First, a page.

Probably the most familiar face on "The Big Bang Theory" when the show premiered in 2007 was Kaley Cuoco, a veteran of long-running hits "8 Simple Rules" and "Charmed." At first, she earned about $60,000 per episode. According to Deadline, a contract renegotiation in 2010 led to a raise of around $200,000 for each episode, with incremental bumps, ending with Cuoco making $350,000 per episode by 2014. At that point, CBS gave Cuoco another raise, and according to The Hollywood Reporter, she earned $1 million per episode for Seasons 8, 9, and 10 of the show. In the two seasons after that, Cuoco took home $900,000 — like her fellow original castmates, she took a pay cut to raise that of co-stars Mayim Bialik and Melissa Rauch.

Cuoco rakes in millions from "Big Bang" reruns, and her other TV appearances have proven lucrative, too — endorsement deals with Priceline and Toyota netted her $2 million in 2013 alone, per Forbes (via Good Housekeeping). Since "Big Bang" ended in 2019, Cuoco has made even more money. She sold a home in Tarzana, California for $3.95 million, per the Los Angeles Times and, as Deadline reported, okayed a pact between her production company Yes, Norman, and Warner Bros. TV Group. As a producer, she bought the rights to the novel "The Flight Attendant," and then made the show for HBO Max, in which she also starred. All told, Cuoco's net worth, according to Celebrity Net Worth, is about $100 million.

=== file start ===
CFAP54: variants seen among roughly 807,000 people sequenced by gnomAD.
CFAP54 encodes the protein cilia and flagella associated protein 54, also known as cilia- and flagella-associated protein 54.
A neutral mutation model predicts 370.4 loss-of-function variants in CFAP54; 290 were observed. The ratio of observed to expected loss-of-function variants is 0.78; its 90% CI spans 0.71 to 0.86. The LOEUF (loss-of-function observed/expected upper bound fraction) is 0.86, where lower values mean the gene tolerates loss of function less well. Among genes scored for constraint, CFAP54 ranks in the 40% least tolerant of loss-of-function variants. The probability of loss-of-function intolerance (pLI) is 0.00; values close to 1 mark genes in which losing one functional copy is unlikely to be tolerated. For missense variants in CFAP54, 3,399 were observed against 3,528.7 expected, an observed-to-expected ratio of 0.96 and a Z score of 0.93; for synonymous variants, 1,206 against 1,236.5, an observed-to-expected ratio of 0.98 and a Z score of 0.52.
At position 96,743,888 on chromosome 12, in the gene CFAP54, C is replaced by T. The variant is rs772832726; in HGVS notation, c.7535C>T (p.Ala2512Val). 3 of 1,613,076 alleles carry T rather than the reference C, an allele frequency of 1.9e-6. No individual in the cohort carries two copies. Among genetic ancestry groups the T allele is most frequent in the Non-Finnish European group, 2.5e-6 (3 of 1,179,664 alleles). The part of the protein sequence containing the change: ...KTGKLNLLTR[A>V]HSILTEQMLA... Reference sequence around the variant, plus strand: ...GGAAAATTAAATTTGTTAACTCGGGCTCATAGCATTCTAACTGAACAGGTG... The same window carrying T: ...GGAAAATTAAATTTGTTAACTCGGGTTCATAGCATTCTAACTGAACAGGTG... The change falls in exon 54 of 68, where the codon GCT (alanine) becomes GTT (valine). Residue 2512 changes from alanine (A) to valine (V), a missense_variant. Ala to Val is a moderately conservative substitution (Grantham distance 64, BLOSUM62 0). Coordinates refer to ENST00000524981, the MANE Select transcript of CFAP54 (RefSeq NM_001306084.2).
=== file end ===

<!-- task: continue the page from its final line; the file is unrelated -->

Being on The Big Bang Theory made Jim Parsons exceptionally wealthy

Perhaps it's not so surprising that the richest former cast member of "The Big Bang Theory" is the show's central character, breakout star, and four-time Emmy Award winner. Jim Parsons brought nuance, warmth, and humor to the character of Caltech theoretical physicist Sheldon Cooper — an otherwise rude, idiosyncratic, stubborn, and generational genius.

Little-known before "Big Bang," Parsons soon became the face of the show as it skyrocketed in popularity. In 2010, he was given a bigger piece of the money "Big Bang" generated for CBS and producer Warner Bros., negotiating a raise from $60,000 per episode in Season 3 which steadily rose to $350,000 for Season 7, per Deadline. Along with a bigger weekly paycheck, he also secured 0.25 percent of the show's "backend" profits, which amounted to no less than $1 million a year. In the latter years of "Big Bang," Parsons earned $1 million for each and every episode, according to The New York Times.

Jim Parsons made a lot of money away from The Big Bang Theory, too

While Jim Parsons earns substantial sums whenever a "Big Bang Theory" episode runs somewhere, he's still cashing checks in the Cooper-Verse, serving as the narrator and an executive producer of the prequel series "Young Sheldon." With his husband, Todd Spiewak, Parsons helps get a lot of TV onto the air — since 2015, they've operated That's Wonderful Productions. Parsons has a hand (and a stake) in shows like "Call Me Kat" and "Special."

And, according to Forbes, his series of commercials for Intel, in which Parsons capitalized on playing a scientist in order to pitch technology, earned the actor millions. All things considered, the heaps of cash he pulled in for selling his Los Feliz property in 2019  —according to the Los Angeles Times, he racked up just shy of $7 million — is relative pocket change for the actor-turned-media mogul. According to Celebrity Net Worth, Parsons, the most well-off of the many well-off former cast members of "The Big Bang Theory," has an estate worth $160 million.